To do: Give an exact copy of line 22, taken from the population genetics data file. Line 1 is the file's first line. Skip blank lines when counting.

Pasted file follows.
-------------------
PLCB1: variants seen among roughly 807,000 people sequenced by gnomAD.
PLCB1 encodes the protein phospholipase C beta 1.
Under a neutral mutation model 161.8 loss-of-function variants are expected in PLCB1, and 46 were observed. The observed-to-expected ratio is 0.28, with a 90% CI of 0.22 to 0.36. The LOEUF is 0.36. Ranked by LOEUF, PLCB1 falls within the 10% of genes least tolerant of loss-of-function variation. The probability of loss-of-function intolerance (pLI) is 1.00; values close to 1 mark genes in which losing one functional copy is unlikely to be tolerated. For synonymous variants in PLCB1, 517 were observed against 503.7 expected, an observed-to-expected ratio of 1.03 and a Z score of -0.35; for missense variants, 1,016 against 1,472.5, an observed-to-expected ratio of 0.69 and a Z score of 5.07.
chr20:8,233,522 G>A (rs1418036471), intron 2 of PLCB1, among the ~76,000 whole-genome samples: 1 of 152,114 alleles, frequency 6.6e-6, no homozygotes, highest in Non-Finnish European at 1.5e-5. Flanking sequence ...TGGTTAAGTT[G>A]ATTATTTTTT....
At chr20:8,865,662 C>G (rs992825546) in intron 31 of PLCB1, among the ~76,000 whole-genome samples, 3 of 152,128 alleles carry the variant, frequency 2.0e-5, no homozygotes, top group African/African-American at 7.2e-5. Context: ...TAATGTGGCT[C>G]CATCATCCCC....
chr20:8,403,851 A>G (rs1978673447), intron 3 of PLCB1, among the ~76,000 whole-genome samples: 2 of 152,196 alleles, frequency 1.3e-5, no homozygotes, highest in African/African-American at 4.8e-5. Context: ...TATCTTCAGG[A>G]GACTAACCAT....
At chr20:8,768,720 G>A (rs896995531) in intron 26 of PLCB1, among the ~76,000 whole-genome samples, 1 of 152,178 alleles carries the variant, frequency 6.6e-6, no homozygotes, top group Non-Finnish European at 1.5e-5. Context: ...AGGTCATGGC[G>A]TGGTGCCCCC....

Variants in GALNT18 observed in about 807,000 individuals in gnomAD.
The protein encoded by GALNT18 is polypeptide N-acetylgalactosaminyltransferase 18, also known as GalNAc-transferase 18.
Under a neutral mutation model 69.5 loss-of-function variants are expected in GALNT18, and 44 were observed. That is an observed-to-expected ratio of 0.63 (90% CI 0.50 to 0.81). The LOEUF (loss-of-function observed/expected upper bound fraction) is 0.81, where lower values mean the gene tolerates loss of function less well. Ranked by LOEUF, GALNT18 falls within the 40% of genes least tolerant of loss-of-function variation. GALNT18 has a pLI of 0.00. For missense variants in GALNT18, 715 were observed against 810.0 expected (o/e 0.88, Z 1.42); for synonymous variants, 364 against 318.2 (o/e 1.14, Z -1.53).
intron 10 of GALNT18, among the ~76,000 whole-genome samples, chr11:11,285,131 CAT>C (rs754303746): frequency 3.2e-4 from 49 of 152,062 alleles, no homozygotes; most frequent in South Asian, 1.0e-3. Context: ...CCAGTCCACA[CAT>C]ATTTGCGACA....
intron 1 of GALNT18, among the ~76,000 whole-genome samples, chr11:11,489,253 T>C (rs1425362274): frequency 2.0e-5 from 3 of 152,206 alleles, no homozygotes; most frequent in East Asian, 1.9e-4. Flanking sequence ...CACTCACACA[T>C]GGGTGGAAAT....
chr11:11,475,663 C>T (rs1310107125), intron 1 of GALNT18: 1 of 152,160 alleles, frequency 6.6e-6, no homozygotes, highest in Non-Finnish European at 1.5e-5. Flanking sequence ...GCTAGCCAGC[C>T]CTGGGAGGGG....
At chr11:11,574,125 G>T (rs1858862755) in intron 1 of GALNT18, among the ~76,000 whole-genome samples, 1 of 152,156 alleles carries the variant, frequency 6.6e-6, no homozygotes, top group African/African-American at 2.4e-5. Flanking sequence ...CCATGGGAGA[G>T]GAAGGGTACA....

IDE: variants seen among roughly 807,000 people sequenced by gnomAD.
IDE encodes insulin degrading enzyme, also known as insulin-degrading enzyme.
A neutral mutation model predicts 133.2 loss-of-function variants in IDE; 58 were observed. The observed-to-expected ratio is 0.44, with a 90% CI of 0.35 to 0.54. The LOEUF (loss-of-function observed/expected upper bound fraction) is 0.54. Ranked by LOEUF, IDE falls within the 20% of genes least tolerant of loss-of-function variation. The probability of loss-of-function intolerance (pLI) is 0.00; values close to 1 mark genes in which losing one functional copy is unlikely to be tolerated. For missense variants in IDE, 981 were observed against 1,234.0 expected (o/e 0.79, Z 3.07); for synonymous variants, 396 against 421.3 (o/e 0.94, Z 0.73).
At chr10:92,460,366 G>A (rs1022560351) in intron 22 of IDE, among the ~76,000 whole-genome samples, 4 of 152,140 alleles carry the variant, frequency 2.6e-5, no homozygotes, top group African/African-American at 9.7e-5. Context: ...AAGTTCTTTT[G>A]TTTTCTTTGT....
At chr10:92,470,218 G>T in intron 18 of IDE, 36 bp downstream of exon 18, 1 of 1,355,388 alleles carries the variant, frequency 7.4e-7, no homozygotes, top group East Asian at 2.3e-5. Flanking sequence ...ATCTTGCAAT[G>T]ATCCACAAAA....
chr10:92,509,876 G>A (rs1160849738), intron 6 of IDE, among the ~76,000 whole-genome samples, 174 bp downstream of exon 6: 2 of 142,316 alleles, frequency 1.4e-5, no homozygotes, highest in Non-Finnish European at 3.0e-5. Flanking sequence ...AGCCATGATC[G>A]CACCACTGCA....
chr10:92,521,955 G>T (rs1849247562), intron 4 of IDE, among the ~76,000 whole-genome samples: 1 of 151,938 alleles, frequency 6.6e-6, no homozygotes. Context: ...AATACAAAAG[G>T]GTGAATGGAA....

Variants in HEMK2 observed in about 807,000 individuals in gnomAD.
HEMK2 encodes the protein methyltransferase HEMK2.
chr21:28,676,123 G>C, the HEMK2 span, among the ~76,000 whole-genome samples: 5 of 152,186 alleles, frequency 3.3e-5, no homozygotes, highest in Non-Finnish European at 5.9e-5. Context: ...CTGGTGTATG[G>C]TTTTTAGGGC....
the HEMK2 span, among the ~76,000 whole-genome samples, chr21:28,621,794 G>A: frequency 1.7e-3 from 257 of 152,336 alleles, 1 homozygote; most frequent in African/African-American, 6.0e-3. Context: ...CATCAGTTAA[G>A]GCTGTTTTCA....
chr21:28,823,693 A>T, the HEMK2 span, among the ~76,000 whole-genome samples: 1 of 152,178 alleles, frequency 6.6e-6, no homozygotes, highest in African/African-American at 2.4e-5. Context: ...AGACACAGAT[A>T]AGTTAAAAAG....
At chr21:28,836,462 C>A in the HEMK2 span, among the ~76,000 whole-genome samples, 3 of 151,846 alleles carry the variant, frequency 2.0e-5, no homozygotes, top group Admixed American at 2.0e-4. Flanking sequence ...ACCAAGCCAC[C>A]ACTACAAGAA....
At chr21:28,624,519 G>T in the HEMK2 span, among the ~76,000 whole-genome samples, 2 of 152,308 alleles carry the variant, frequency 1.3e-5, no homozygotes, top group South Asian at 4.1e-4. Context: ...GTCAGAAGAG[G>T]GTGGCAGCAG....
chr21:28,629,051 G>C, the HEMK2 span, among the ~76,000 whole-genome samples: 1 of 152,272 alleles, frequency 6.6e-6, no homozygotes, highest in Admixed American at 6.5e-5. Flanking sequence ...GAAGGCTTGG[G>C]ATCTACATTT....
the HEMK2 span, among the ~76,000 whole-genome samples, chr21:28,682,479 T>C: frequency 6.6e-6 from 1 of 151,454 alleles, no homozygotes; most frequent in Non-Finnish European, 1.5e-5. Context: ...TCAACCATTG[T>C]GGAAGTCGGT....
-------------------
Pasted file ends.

Variants in HEMK2 observed in about 807,000 individuals in gnomAD.